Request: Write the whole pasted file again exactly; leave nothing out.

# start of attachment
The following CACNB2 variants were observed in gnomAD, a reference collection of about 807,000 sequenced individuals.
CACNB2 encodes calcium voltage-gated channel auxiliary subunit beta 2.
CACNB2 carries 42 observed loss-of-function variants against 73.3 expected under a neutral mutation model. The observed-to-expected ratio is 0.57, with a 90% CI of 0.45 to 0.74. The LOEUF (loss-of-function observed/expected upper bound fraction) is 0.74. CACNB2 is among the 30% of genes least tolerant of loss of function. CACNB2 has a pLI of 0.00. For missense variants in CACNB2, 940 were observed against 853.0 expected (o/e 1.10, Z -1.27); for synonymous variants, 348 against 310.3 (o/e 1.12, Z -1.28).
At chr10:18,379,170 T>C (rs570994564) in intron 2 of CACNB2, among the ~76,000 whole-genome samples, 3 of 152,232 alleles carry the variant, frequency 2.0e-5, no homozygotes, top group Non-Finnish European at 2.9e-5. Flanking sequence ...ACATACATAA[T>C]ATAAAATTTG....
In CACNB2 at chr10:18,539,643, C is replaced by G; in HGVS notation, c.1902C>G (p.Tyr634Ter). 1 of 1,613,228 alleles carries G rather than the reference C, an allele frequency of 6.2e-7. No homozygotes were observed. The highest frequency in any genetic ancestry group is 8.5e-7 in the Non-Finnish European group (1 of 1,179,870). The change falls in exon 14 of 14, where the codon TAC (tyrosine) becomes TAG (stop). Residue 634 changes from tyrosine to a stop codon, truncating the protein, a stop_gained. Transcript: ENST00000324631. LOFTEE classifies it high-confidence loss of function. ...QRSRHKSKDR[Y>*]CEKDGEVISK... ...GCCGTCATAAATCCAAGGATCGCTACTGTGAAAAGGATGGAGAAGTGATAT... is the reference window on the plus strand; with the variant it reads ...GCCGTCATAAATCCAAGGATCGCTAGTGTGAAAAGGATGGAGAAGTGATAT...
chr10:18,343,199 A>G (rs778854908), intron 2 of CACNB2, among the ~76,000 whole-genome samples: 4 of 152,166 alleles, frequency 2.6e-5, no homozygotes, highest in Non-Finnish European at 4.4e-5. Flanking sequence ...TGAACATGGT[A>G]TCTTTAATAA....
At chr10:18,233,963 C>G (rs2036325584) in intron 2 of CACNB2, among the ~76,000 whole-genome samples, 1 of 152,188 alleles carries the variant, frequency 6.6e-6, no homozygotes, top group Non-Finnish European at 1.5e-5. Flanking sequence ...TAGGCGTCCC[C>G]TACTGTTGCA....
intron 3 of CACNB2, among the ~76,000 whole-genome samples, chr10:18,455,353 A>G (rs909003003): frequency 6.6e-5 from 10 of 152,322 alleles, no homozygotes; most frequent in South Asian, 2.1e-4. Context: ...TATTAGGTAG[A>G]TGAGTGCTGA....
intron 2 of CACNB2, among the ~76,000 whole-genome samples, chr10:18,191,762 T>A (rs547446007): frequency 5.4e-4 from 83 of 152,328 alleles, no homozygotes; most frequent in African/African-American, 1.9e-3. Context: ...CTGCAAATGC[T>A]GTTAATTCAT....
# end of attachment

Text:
The following CACNB2 variants were observed in gnomAD, a reference collection of about 807,000 sequenced individuals.
CACNB2 encodes calcium voltage-gated channel auxiliary subunit beta 2.
CACNB2 carries 42 observed loss-of-function variants against 73.3 expected under a neutral mutation model. The observed-to-expected ratio is 0.57, with a 90% CI of 0.45 to 0.74. The LOEUF (loss-of-function observed/expected upper bound fraction) is 0.74. CACNB2 is among the 30% of genes least tolerant of loss of function. CACNB2 has a pLI of 0.00. For missense variants in CACNB2, 940 were observed against 853.0 expected (o/e 1.10, Z -1.27); for synonymous variants, 348 against 310.3 (o/e 1.12, Z -1.28).
At chr10:18,379,170 T>C (rs570994564) in intron 2 of CACNB2, among the ~76,000 whole-genome samples, 3 of 152,232 alleles carry the variant, frequency 2.0e-5, no homozygotes, top group Non-Finnish European at 2.9e-5. Flanking sequence ...ACATACATAA[T>C]ATAAAATTTG....
In CACNB2 at chr10:18,539,643, C is replaced by G; in HGVS notation, c.1902C>G (p.Tyr634Ter). 1 of 1,613,228 alleles carries G rather than the reference C, an allele frequency of 6.2e-7. No homozygotes were observed. The highest frequency in any genetic ancestry group is 8.5e-7 in the Non-Finnish European group (1 of 1,179,870). The change falls in exon 14 of 14, where the codon TAC (tyrosine) becomes TAG (stop). Residue 634 changes from tyrosine to a stop codon, truncating the protein, a stop_gained. Transcript: ENST00000324631. LOFTEE classifies it high-confidence loss of function. ...QRSRHKSKDR[Y>*]CEKDGEVISK... ...GCCGTCATAAATCCAAGGATCGCTACTGTGAAAAGGATGGAGAAGTGATAT... is the reference window on the plus strand; with the variant it reads ...GCCGTCATAAATCCAAGGATCGCTAGTGTGAAAAGGATGGAGAAGTGATAT...
chr10:18,343,199 A>G (rs778854908), intron 2 of CACNB2, among the ~76,000 whole-genome samples: 4 of 152,166 alleles, frequency 2.6e-5, no homozygotes, highest in Non-Finnish European at 4.4e-5. Flanking sequence ...TGAACATGGT[A>G]TCTTTAATAA....
At chr10:18,233,963 C>G (rs2036325584) in intron 2 of CACNB2, among the ~76,000 whole-genome samples, 1 of 152,188 alleles carries the variant, frequency 6.6e-6, no homozygotes, top group Non-Finnish European at 1.5e-5. Flanking sequence ...TAGGCGTCCC[C>G]TACTGTTGCA....
intron 3 of CACNB2, among the ~76,000 whole-genome samples, chr10:18,455,353 A>G (rs909003003): frequency 6.6e-5 from 10 of 152,322 alleles, no homozygotes; most frequent in South Asian, 2.1e-4. Context: ...TATTAGGTAG[A>G]TGAGTGCTGA....
intron 2 of CACNB2, among the ~76,000 whole-genome samples, chr10:18,191,762 T>A (rs547446007): frequency 5.4e-4 from 83 of 152,328 alleles, no homozygotes; most frequent in African/African-American, 1.9e-3. Context: ...CTGCAAATGC[T>A]GTTAATTCAT....